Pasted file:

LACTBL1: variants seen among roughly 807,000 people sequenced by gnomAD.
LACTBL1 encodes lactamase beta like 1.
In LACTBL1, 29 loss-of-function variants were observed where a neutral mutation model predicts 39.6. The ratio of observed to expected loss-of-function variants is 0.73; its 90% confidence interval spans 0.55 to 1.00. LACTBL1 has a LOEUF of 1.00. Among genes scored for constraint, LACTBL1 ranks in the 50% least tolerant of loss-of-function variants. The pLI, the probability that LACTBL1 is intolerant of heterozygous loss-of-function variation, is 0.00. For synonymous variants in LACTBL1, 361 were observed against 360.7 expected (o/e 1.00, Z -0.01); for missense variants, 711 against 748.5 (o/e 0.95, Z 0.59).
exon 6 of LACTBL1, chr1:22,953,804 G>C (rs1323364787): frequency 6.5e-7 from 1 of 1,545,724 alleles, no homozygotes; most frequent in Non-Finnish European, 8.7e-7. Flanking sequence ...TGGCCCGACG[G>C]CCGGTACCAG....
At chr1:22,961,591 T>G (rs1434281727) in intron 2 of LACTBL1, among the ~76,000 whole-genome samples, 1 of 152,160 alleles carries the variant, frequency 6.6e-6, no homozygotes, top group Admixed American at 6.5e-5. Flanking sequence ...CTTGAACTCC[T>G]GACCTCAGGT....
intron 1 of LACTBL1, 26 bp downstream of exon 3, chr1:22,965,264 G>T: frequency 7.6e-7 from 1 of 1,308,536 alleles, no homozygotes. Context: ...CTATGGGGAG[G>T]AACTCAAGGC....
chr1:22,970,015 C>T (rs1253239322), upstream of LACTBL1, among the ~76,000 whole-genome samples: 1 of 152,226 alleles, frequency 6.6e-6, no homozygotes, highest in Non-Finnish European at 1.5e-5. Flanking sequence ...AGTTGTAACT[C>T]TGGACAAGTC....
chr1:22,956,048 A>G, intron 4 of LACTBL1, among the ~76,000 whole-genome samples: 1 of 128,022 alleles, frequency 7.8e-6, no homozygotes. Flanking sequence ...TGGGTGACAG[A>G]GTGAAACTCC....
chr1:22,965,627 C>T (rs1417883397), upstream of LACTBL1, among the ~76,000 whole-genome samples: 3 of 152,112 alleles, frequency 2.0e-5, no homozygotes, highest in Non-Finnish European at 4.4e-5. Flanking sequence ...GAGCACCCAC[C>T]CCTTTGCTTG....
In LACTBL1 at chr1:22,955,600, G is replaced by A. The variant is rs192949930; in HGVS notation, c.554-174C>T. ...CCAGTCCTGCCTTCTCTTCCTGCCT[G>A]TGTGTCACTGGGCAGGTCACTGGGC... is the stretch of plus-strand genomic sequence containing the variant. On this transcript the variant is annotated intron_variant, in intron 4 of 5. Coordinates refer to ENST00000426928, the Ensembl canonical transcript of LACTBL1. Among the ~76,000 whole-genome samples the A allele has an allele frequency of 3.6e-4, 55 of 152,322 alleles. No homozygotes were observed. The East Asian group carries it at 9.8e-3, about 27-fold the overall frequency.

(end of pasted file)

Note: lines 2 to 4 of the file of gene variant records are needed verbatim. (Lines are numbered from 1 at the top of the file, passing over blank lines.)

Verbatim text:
LACTBL1 encodes lactamase beta like 1.
In LACTBL1, 29 loss-of-function variants were observed where a neutral mutation model predicts 39.6. The ratio of observed to expected loss-of-function variants is 0.73; its 90% confidence interval spans 0.55 to 1.00. LACTBL1 has a LOEUF of 1.00. Among genes scored for constraint, LACTBL1 ranks in the 50% least tolerant of loss-of-function variants. The pLI, the probability that LACTBL1 is intolerant of heterozygous loss-of-function variation, is 0.00. For synonymous variants in LACTBL1, 361 were observed against 360.7 expected (o/e 1.00, Z -0.01); for missense variants, 711 against 748.5 (o/e 0.95, Z 0.59).
exon 6 of LACTBL1, chr1:22,953,804 G>C (rs1323364787): frequency 6.5e-7 from 1 of 1,545,724 alleles, no homozygotes; most frequent in Non-Finnish European, 8.7e-7. Flanking sequence ...TGGCCCGACG[G>C]CCGGTACCAG....